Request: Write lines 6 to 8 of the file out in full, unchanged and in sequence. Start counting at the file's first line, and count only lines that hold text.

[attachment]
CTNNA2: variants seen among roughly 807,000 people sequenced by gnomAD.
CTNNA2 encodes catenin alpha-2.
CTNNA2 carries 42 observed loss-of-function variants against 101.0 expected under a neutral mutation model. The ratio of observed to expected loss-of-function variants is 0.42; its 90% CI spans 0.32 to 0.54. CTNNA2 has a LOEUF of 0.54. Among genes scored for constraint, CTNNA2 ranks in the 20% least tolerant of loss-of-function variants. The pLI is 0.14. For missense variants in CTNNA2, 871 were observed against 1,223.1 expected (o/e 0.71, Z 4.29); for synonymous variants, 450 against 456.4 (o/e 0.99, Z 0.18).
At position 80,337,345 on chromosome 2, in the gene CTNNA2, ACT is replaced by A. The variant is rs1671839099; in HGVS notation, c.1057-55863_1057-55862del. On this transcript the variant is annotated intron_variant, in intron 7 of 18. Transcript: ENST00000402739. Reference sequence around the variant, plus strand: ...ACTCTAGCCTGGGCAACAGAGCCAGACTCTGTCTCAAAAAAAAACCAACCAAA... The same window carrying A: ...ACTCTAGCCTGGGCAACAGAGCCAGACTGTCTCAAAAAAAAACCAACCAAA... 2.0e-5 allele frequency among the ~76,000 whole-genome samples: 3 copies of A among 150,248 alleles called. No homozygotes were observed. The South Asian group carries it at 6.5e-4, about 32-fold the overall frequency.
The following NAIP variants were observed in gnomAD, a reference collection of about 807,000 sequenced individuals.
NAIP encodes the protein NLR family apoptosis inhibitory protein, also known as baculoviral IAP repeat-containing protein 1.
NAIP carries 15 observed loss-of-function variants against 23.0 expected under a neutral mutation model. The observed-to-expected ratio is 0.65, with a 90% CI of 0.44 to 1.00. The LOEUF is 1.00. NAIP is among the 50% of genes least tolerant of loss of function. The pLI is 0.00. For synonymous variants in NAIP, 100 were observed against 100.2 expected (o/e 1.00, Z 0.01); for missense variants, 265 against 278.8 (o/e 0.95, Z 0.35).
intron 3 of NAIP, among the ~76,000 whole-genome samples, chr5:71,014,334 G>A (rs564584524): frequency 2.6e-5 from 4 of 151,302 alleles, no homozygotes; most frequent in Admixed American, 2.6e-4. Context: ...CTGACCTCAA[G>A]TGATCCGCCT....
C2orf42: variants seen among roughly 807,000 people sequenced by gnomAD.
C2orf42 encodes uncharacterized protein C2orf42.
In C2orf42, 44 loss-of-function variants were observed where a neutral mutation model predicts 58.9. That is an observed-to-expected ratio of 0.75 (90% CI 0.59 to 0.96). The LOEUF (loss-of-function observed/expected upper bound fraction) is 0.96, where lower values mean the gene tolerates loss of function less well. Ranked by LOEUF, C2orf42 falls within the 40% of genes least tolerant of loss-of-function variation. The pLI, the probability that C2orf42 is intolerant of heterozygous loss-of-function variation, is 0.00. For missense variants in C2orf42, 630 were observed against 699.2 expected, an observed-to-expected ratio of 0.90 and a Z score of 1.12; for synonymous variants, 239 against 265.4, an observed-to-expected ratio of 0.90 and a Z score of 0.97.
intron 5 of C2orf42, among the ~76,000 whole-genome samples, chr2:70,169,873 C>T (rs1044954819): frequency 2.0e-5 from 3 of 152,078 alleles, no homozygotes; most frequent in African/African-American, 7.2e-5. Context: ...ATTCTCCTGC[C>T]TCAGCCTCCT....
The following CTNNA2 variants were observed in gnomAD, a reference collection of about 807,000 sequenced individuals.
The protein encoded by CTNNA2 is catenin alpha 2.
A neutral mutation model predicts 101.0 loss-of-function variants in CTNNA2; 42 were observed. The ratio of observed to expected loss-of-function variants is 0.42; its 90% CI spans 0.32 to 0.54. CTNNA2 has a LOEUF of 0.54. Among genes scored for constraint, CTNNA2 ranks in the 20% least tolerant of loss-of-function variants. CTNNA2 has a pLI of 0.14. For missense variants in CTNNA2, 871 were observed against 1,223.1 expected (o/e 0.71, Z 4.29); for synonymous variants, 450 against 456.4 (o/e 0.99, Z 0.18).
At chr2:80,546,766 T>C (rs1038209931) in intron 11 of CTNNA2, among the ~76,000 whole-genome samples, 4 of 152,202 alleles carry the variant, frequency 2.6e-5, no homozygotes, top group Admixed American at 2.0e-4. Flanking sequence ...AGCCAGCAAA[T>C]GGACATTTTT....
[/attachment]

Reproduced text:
NAIP encodes the protein NLR family apoptosis inhibitory protein, also known as baculoviral IAP repeat-containing protein 1.
NAIP carries 15 observed loss-of-function variants against 23.0 expected under a neutral mutation model. The observed-to-expected ratio is 0.65, with a 90% CI of 0.44 to 1.00. The LOEUF is 1.00. NAIP is among the 50% of genes least tolerant of loss of function. The pLI is 0.00. For synonymous variants in NAIP, 100 were observed against 100.2 expected (o/e 1.00, Z 0.01); for missense variants, 265 against 278.8 (o/e 0.95, Z 0.35).
intron 3 of NAIP, among the ~76,000 whole-genome samples, chr5:71,014,334 G>A (rs564584524): frequency 2.6e-5 from 4 of 151,302 alleles, no homozygotes; most frequent in Admixed American, 2.6e-4. Context: ...CTGACCTCAA[G>A]TGATCCGCCT....